News Sushi #50: Morsels of News from Japan and Beyond

News Sushi #49

Editor Note:It is Friday and that means it is time for the World Famous, soon to be Intergalactic Famous, News Sushi from our very own, Hamish Downie. Hamish brings us a decidedly different slant on Pop Culture as viewed through the lens of a non-native living in Japan.

Thank you Hamish, for your insights.

There’s something magical in the air… could it be… the weekend is coming?


This week’s serving of News Sushi is a substaintial one, I hope you’ve got your eating pants on!

View this post on Instagram

A couple of weeks ago I met Tagame-sensei at the Canadian Embassy in Tokyo (I was invited by Christopher Butcher/ Beguiling crew as we did a TCAF exhibition @snjr_hakusen gallery a couple of years ago) . After the TCAF exhibition at Hakusen which included two Tagame originals I went on to interview @chip_kidd for the BHP blog. In the interview, among other things, we talked about his musical tastes, his work, his manga interests, and his impending Tagame release (My Brothers Husband) which went on to shatter sales expectations,bring critics praise, and bring Tagame-sensei a greater (and deserved) western readership. Tagame-sensei is the sweetest of communicators and made me feel special as I bumbled along my praise. Tagame-sensei is such a sweet and intelligent man. #blackhookpress #mybrotherhusband #chipkidd #gengorohtagame #manga #canadianembassy #tokyo #tcaf #thebeguiling

A post shared by blackhookpress (@blackhookpress) on

I’ve spoken about “My Brother’s Husband” before (when it was being turned into a live action TV movie), but I’d never read it until now. Well, that all changed when they dropped the price of the comic on amazon, so I bought the first volume, and after reading that, I bought the omnibus second volume (which collects volume 2-4 in the Japanese series).

It’s a great series, and a really important one at that. But, if you’ve read all the reviews, you’d know that. If you don’t know the series, the series follows the relationship between single father Yaichi, his daughter Kana, and Mike Flanagan, the Canadian husband of Yaichi’s estranged and recently deceased twin brother. It’s quite a heart-warming story, and my favourite moment is in the first volume where Mike explains that in a gay couple – there are two men – there is no “this is the wife” and “this is the husband” – they are both husbands. Not a hard concept for people in the LGBT community, but it’s one of the most asked questions to gays and lesbians in relationships – and one of the most frustrating to answer.

Gengoroh Tagame has kept everything very simple and very positive. This has made the story more digestible, but it’s also made the story less truthful. The story touches very briefly on the plight of gays in Japan, and how there are many who “choose” not to come out. But, when the story claims that there is no bullying in Japan for LGBT kids, this is just a bold faced lie. I try to be positive about Japan in this column, but this is one thing that I can’t put a friendly face on. Japan seems like a country that celebrates difference, but if you look at any comments section of an article that is suggesting that Japanese gays might like to get married, you’ll see what I mean when I say that certain differences are not celebrated. Like the Politician who recently came on TV to say that gays were “unproductive” because they don’t produce children.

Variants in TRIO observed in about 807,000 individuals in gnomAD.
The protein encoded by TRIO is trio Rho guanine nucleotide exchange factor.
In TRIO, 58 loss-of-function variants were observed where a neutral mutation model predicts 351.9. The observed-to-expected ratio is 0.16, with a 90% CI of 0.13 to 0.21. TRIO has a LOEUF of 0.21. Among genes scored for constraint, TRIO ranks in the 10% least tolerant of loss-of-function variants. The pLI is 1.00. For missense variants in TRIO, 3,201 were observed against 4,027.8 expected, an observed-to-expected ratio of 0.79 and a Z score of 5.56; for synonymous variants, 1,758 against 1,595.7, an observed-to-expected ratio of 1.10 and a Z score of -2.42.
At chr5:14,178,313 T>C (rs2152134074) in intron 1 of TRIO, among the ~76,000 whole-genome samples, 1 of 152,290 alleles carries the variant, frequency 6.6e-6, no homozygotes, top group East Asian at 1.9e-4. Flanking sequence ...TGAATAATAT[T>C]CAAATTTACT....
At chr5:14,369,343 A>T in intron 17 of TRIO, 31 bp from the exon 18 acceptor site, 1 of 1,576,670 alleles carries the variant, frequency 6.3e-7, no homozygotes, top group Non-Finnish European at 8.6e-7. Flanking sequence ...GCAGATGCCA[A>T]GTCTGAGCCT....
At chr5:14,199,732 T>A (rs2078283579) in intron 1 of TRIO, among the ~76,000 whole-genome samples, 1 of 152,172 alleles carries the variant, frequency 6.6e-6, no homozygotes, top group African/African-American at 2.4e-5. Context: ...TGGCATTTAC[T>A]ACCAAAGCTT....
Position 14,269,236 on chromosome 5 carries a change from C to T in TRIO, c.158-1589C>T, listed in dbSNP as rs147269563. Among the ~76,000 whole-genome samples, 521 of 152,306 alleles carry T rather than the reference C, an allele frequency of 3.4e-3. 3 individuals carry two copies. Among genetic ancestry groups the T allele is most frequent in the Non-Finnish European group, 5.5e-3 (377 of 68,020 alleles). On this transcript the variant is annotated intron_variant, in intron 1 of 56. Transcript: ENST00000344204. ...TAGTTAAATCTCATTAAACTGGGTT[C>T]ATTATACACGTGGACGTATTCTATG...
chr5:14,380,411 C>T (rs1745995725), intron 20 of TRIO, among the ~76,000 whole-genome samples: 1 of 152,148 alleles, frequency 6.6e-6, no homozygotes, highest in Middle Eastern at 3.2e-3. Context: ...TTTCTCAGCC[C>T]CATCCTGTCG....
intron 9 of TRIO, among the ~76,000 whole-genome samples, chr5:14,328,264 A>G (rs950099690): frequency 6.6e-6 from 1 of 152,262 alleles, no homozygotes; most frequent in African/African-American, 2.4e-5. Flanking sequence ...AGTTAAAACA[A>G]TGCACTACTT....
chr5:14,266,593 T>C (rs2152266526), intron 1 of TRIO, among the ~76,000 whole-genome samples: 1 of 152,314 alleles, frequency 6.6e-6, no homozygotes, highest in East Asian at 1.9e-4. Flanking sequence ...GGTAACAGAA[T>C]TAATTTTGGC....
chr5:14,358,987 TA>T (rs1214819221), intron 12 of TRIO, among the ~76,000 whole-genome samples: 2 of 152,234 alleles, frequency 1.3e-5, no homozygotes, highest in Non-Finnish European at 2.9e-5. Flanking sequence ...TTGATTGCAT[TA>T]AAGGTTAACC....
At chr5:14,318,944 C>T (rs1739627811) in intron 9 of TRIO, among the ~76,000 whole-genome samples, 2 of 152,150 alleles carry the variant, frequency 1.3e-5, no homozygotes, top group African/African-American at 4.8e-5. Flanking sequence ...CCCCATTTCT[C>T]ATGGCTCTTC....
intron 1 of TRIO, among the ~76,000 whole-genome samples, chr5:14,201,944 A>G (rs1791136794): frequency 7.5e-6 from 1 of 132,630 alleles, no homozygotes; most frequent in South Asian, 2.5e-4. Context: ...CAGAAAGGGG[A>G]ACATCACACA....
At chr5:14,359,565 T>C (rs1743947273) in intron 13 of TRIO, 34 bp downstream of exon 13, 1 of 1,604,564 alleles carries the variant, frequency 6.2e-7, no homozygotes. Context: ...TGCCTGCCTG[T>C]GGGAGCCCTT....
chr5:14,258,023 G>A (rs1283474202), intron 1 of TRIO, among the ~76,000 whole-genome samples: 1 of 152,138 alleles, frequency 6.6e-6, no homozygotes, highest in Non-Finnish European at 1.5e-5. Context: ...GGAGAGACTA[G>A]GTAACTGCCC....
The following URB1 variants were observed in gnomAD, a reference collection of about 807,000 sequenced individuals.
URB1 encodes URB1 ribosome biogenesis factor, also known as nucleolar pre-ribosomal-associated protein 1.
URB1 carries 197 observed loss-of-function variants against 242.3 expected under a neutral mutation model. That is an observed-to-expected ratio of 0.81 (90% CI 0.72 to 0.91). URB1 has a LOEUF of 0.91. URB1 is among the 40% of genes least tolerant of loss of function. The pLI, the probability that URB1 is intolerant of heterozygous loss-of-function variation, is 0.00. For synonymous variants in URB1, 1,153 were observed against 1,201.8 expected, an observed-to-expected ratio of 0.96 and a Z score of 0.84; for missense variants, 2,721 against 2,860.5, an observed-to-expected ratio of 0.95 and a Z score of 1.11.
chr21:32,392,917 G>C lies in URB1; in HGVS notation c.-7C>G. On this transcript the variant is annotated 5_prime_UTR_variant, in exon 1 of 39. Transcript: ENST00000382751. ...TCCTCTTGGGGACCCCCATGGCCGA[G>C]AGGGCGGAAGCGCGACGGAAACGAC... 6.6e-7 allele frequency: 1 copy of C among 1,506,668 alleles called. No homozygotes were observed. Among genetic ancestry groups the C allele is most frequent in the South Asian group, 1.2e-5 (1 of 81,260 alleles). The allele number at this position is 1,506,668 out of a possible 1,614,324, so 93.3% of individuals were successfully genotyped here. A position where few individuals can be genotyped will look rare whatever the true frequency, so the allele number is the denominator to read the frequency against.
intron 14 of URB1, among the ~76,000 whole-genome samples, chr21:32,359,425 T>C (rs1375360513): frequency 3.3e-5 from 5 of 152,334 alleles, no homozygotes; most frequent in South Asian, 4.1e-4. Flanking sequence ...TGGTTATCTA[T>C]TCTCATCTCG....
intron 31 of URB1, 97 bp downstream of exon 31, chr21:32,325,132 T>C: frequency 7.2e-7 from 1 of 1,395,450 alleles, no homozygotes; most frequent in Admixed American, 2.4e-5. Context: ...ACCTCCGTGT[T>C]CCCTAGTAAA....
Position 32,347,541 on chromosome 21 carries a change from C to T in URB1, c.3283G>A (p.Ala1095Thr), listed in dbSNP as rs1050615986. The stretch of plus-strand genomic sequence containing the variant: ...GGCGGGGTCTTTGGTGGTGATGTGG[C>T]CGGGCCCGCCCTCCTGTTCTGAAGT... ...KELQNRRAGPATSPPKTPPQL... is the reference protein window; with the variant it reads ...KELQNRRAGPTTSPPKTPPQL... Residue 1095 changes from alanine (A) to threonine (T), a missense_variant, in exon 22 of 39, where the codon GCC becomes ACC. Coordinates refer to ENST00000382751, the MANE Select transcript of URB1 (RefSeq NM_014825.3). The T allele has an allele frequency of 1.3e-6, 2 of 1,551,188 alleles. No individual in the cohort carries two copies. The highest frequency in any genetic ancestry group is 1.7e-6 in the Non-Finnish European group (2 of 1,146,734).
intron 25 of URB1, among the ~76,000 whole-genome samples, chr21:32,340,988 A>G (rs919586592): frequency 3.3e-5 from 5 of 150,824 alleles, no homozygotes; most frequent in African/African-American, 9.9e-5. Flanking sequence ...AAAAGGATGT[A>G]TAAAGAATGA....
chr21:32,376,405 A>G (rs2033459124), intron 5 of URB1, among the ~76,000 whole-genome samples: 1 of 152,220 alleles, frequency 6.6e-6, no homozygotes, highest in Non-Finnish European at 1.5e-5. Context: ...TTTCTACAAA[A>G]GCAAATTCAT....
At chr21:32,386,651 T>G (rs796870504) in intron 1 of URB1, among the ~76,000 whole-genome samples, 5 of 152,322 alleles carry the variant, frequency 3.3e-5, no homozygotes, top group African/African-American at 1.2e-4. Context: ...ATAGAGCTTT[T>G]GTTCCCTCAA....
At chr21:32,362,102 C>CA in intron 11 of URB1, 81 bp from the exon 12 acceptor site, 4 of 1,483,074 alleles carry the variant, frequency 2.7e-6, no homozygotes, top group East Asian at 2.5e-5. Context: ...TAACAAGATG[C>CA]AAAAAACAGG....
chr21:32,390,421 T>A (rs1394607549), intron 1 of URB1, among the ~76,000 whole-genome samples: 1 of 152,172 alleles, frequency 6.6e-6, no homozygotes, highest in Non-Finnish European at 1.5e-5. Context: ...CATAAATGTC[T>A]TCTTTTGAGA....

But, to address this would mean that a mainstream Japanese audience would never read the manga. That’s why Mike is so unrealistic. He’s represented as the perfect, safe, happy foreigner. That said, those elements do get resolved in the end, so while it might seem like I didn’t like the story (there are elements that I didn’t like – especially the overacting), I love the message and I loved the story as a whole.

If you haven’t checked it out, please don’t hesitate to get your hands on it. It’s easy to live in Japan as a LGBT person, but that’s partly because the Japanese are very non-confrontational, so a lot of the bad stuff is kept out of view. And, “My Brother’s Husband” kind of keeps to that style, although it does provide glimpses into that hidden world.

Moving Coming Out story from Ali of “Movies over the Rainbow”

Before dashing away from negativity, there’s a great article on fellow LGBT site, “Movies over the rainbow” where Ali tells her beautiful coming out story:


Footbridge, east and west –
reflections on where we are –
distortions in water.


From Manga to Tumblr novels in installments… here’s a great story that I’d like to introduce to my readers by a wonderful writer here in Japan…

Here is part one:

read the rest here:

For more please follow:


Here’s is a good enough reason to live in Japan. You almost always get what it says on the box! Yes, it almost always comes back to food with me…

In Japan, one should expect to get what one expects. from r/japan

You might be interested to find out that there are more Michelin star Italian restaurants here in Japan than in Italy…


Everything I can’t eat… but wish I could.

Empire state building made out of chocolate complete with King Kong

I’m about to do another Travel Report for “J-Trip Japan”, so it’s time to get set ready….

Most people don’t realize what it really takes to work behind the scenes on a set. from r/Filmmakers

Before I go… if you have a chance, visit the Epson lobby in Tokyo…

It’s beautiful.

Thanks for spending another week with me!

View this post on Instagram

Notte a Venezia.

A post shared by Norihiro Niwatsukino (@dir_niwatch) on


We welcome your comments and feedback below. If this is your first visit, be sure to read the Privacy / Terms and Conditions Of Use. And Please, Play Nice.







Thanks for visiting. Let us know what you think.